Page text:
What's the Best Way to Invest in Europe?
The scoop on a resurgent region.
It's not news that emerging markets have been hot in recent years, fueled by explosive growth rates and high commodity prices. The boom has even given us "BRIC" (referring to Brazil, Russia, India, and China), the most overused investment acronym since "TMT" (technology, media, and telecommunications).
Less covered has been the incredible rise of Europe, a region many were essentially writing off just a few years ago. The MSCI Europe Index has climbed 25% per year, on average, for the trailing three-year period. That's not too far behind the gains posted by emerging markets. Mutual funds in the Europe-stock category have been on fire, outdistancing all but a handful of other fund groups.
We've been getting an increasing number of calls about investing in Europe lately. For that reason, we thought this would be the perfect time to take a closer look at the region, the reasons behind its rally, and the best way to get Europe exposure.
Europe's Bull Run
For U.S. investors, the dollar's decline versus European currencies has dramatically boosted European equity returns. If you own a mutual fund that takes your U.S. dollars and uses them to buy stocks denominated in euros, pounds, Swiss francs, or Swedish krona (or even U.S.-listed versions of those stocks), the fund's portfolio gains in value when those currencies appreciate, so long as the fund is not hedging its currency exposure. Roughly 5 percentage points of the MSCI Europe's gain over the past three years comes from currency, and it has played an even bigger role over the trailing five-year period.
But the story doesn't end with currency gains; there are more fundamental drivers of European stock gains. First, many of Europe's largest companies are global players and their success reflects global factors, such as high oil prices. These days, where a company is headquartered can be incidental. Then there are factors specific to Europe, such as low interest rates, which have spurred economic growth and business activity. Low rates have also helped foment cross-border mergers and acquisitions, such as Italian bank Unicredito's purchase of German HVB, French spirits company Pernod Ricard buying the British Allied Domecq, and the frenzied jockeying for Spanish utility Endesa and Dutch bank ABN Amro. Competitiveness has improved, too, in many cases. Just like their U.S. counterparts, lots of European companies have restructured, automated, outsourced, and offshored their way to higher profits.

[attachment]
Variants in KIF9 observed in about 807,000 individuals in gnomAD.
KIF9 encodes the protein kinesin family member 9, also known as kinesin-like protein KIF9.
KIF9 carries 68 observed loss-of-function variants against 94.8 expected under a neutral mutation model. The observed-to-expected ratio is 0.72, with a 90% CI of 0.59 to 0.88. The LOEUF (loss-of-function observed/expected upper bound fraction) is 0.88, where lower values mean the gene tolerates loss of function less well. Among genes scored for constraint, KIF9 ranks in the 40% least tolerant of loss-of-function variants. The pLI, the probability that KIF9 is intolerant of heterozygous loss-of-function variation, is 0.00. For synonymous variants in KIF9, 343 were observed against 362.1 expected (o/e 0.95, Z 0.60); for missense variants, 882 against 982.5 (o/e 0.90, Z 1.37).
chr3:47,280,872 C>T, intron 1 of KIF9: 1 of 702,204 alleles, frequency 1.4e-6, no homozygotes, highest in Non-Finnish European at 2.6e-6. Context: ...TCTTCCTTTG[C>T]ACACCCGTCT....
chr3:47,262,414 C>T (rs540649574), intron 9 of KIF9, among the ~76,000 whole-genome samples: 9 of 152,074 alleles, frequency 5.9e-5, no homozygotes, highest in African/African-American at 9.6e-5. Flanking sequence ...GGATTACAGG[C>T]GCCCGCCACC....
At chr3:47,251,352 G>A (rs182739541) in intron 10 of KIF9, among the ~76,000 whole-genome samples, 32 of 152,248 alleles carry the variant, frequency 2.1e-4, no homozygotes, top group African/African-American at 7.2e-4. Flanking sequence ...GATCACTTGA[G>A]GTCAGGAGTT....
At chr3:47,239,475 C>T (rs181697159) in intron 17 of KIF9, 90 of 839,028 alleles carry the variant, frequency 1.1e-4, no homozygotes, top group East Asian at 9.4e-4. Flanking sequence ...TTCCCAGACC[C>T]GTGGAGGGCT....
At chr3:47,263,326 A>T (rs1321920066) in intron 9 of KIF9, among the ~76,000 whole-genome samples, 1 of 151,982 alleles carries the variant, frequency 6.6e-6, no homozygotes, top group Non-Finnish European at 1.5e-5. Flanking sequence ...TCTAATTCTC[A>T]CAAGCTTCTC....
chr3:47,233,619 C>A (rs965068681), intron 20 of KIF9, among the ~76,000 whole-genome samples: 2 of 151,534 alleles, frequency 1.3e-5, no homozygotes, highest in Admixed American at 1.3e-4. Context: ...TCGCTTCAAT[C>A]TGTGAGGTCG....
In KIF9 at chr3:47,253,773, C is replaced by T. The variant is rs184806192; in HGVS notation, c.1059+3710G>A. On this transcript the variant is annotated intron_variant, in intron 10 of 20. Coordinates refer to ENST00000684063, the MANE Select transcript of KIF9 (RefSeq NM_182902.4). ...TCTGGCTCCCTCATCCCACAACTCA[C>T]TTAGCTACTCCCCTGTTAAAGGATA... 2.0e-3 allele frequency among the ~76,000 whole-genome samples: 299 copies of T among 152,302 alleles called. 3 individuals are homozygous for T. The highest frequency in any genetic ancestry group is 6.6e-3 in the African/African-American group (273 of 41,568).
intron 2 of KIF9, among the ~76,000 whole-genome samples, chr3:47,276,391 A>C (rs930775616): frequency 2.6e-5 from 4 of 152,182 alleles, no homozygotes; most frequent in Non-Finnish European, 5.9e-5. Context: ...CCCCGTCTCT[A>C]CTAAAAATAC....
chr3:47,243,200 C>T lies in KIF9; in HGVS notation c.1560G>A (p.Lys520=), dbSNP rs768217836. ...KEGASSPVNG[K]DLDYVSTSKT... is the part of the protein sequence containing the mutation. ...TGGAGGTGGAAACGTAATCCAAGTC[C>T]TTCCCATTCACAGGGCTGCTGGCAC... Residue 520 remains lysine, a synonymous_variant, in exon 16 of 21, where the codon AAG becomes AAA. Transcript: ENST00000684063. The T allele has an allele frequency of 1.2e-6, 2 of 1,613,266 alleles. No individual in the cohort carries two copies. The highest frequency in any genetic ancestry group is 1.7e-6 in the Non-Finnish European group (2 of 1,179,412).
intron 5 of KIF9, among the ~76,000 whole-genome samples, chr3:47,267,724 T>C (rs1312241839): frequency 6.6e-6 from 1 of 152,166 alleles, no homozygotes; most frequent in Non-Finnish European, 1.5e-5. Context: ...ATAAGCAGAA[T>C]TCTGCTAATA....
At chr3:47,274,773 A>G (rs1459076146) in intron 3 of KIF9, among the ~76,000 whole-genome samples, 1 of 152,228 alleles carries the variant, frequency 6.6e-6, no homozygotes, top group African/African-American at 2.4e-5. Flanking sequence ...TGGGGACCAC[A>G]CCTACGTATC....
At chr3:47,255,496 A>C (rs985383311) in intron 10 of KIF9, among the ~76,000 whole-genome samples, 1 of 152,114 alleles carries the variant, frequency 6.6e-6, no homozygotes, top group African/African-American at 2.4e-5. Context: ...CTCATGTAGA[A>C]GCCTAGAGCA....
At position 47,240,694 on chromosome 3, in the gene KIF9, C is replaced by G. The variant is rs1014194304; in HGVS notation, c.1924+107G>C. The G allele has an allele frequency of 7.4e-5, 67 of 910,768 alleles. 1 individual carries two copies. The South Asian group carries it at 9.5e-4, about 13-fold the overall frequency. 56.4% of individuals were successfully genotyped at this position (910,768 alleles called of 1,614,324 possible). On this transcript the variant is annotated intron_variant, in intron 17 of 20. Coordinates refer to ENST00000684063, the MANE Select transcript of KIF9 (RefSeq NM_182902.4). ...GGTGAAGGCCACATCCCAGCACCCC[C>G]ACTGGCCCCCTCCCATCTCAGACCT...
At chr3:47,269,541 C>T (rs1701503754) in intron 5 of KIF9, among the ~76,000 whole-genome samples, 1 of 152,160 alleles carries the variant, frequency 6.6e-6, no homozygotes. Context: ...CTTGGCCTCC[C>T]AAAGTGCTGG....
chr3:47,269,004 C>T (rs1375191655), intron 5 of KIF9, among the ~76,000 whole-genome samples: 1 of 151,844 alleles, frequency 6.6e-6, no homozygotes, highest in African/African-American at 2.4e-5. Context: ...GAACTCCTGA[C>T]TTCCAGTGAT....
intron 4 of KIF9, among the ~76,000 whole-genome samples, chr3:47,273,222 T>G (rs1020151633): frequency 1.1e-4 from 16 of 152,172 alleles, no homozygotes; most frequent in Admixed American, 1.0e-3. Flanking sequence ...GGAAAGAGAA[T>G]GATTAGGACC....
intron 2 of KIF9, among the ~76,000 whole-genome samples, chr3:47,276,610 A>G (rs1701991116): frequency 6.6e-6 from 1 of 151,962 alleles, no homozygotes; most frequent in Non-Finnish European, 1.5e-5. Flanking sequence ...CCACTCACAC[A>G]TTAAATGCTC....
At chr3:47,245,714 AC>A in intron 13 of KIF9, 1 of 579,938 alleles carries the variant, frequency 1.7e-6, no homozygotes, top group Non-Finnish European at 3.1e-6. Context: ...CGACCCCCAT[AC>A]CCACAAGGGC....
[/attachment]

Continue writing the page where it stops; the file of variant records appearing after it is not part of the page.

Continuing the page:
Eastern Europe is another factor. The European Union has expanded in the past few years to include several former Communist countries, notably Poland, Hungary, the Czech Republic, Romania, and Bulgaria. Western European companies have in many cases located manufacturing and back-office operations to these lower-cost countries. Western European companies such as banks and retailers have benefited from Eastern Europe's growth.
Eastern Europe has had an even more direct impact on the Europe-stock category's stellar returns. There are several funds in the category that focus solely on those emerging markets, the largest being U.S. Global Accolade Eastern Europe (EUROX). That fund, and others like it, have posted some of the biggest five-year numbers in Morningstar's entire fund database. Not only do those funds invest in the new European Union entrants, but also in Russia, which has boomed thanks to high commodity prices. A handful of dedicated small-cap funds have also been turbo-charged, as European small caps have soared, like their U.S. counterparts.
Will Europe Continue to Shine?
The short answer is "who knows?" Hot markets and hot fund categories often cool off. It's instructive to remember that in the late 1990s, the U.S. market was soaring, the dollar was strong, and some were writing off Europe, and the Euro currency, as failures. European stocks still look cheaper than their U.S. counterparts by most metrics, but they have advanced.